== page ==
Aidan Leacy’s Backatcha label sets up for it’s second release of reissue goodness and another very rare gem from the likes of Spank Chank Band that rarely comes up for sale. For those unfamiliar with Leacy, he’s a breakbeat specialist, still digs the traditional way and is well respected on the Bboy scene on an international level but his ear for finding dope music and releases like this shows he’s got something special going on.
Made up of premier members of Rick James’ writing staff and the Stone City Band recording this single in 1979 in upstate New York at Mark Recording Studio. Writer, vocalist and guitarist Russeau Taylor (pictured on right), drummer David Smiley (pictured on left) and bass-man Oscar Alston were already seasoned jazz players with a rich history before laying down this one-of-a-kind dancer and tribute to their punk-funk hometown of Buffalo, NY.
By the mid-70’s and soon to finish high-school, they were either doing local session stints with Rick James or backing for The Manhattans’ New York shows. Russeau and Oscar both played on John Spider Martin’s ‘Absolutely’ LP and recount with wide-eyes touring across the country and learning from older band members, bassist Luquman Abdul Syeed aka Steve Davis (John Coltrane quartet) and drummer Billy Hart.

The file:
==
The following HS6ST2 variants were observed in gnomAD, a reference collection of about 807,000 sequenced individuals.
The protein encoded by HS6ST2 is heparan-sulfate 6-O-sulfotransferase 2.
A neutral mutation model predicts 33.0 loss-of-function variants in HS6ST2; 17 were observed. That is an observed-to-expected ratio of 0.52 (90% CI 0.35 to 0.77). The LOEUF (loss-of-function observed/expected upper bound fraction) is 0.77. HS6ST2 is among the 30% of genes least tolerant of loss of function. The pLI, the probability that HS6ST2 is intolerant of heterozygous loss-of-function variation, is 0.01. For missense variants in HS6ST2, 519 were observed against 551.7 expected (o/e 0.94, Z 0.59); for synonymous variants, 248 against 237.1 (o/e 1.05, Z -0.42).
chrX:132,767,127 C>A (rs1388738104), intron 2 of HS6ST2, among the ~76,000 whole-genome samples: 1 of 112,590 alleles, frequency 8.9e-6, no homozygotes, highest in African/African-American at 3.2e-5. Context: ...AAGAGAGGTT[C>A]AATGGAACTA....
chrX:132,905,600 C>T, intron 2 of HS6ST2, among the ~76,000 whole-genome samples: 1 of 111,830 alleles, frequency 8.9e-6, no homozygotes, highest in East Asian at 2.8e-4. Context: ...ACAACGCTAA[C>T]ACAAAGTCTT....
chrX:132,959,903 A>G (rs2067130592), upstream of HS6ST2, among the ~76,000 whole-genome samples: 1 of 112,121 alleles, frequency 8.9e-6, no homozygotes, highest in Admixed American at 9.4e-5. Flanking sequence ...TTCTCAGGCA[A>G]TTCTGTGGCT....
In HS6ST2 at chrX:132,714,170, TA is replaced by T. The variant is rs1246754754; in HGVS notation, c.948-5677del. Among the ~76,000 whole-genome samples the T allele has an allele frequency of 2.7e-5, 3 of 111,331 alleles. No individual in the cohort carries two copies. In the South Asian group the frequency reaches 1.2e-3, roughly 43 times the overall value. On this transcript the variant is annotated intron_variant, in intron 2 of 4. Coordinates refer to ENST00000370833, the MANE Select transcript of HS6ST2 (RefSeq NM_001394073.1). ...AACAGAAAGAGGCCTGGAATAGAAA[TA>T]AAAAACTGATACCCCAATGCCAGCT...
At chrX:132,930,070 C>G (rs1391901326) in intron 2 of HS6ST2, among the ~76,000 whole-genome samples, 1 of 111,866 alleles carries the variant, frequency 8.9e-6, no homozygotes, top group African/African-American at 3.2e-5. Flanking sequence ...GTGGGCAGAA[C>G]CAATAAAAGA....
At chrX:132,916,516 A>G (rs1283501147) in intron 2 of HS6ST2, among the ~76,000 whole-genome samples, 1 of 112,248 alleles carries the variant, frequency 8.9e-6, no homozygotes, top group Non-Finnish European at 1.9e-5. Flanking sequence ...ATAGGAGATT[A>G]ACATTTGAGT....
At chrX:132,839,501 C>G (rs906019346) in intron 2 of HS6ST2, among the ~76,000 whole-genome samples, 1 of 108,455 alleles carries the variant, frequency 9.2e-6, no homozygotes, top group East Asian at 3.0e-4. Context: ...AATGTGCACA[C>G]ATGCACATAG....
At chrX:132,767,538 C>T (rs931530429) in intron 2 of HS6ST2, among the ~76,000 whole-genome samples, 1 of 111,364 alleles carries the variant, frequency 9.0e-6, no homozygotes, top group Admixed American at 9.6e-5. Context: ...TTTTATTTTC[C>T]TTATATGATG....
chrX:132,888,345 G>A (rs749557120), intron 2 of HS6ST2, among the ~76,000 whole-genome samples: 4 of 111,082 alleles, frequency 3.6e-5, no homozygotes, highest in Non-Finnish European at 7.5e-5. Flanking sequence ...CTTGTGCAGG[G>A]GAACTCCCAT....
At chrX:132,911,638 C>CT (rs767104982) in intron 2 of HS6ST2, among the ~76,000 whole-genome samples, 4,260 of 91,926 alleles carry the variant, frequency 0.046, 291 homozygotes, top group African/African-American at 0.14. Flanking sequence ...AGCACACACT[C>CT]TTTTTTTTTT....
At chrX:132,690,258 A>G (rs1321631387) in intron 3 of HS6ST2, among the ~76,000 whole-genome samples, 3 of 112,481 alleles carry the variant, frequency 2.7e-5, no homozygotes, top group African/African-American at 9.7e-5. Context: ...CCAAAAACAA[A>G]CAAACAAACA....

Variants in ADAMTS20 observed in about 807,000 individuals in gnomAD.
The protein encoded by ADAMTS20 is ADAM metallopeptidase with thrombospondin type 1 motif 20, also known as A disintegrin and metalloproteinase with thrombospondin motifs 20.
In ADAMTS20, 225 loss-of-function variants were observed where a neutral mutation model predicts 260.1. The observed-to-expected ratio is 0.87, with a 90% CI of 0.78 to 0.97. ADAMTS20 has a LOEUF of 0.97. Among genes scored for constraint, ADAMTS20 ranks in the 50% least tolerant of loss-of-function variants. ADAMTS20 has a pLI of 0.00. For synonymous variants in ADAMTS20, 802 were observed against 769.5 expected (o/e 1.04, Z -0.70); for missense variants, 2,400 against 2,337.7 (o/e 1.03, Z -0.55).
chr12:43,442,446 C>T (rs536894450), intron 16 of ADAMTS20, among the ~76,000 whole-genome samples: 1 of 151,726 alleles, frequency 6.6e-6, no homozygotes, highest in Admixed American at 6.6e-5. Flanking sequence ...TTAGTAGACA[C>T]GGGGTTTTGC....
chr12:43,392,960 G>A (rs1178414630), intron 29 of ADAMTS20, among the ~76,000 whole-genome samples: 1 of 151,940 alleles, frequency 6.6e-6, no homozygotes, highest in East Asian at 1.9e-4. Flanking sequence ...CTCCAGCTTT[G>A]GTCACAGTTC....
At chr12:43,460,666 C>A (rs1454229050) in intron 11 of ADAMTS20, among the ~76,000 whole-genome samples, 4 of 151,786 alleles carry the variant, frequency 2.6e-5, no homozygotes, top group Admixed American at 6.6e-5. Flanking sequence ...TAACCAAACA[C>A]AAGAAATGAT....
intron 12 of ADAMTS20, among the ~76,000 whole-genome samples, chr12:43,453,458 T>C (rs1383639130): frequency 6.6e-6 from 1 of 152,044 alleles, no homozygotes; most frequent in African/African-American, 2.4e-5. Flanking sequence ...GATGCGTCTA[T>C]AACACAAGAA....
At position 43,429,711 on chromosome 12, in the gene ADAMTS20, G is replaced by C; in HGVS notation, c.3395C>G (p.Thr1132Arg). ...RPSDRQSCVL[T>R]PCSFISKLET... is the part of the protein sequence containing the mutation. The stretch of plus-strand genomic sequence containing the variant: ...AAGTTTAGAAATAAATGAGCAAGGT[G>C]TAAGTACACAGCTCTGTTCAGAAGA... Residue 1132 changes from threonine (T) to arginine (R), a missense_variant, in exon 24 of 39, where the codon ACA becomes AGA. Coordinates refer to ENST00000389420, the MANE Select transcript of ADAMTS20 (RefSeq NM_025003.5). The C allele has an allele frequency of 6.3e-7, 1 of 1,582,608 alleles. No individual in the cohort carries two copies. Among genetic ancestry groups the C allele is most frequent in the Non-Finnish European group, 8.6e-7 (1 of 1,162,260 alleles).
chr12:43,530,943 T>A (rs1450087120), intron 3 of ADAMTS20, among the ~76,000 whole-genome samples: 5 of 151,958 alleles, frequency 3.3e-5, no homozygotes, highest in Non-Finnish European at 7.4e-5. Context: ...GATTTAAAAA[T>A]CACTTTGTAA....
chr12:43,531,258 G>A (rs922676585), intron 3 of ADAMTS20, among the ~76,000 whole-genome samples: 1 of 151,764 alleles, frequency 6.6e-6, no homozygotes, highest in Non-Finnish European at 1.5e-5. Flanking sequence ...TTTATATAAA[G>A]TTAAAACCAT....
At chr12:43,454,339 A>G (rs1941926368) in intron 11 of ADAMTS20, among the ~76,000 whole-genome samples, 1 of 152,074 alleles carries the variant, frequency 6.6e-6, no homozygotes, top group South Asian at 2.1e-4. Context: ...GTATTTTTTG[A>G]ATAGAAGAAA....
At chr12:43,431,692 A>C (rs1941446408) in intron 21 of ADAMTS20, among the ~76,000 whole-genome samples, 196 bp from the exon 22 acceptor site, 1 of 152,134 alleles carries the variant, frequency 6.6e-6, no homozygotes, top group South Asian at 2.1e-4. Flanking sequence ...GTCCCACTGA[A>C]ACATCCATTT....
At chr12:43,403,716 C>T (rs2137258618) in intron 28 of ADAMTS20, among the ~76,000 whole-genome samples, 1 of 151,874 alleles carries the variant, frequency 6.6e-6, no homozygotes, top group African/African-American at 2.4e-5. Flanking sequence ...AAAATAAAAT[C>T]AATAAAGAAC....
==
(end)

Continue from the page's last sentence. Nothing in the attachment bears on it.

Barely into their 20s and back home amongst the hustle in Buffalo, Russeau wanted to compose something for the band that reflected the native styles of their hometown. Thus the name Spank Chank “as that was the style we was doing, spanking the guitar chank to get that sound” says Russeau. In ’79 they went into the local studio in Clarence they’d become accustomed to whilst recording for Rick James and put the Spank Chank Band sound in place.
The funk-dancer A-side ‘Outlaw’ was originally released as a private press 45 on their visionary Electric Boom imprint complete with Russeau Taylor’s sword and sorcery inspired label art and given out at the band’s shows. Since the early 80’s after a few copies flew out of Soul Bowl Records to the early birds, this obscure single has become a sought-after modern funk gem.
The fender-layered bass grooves provided by Oscar Alston provide the foundation for the B-side ‘Buffalo Funk’, a previously unreleased break-beat loaded instrumental from the same session taken from the master tapes.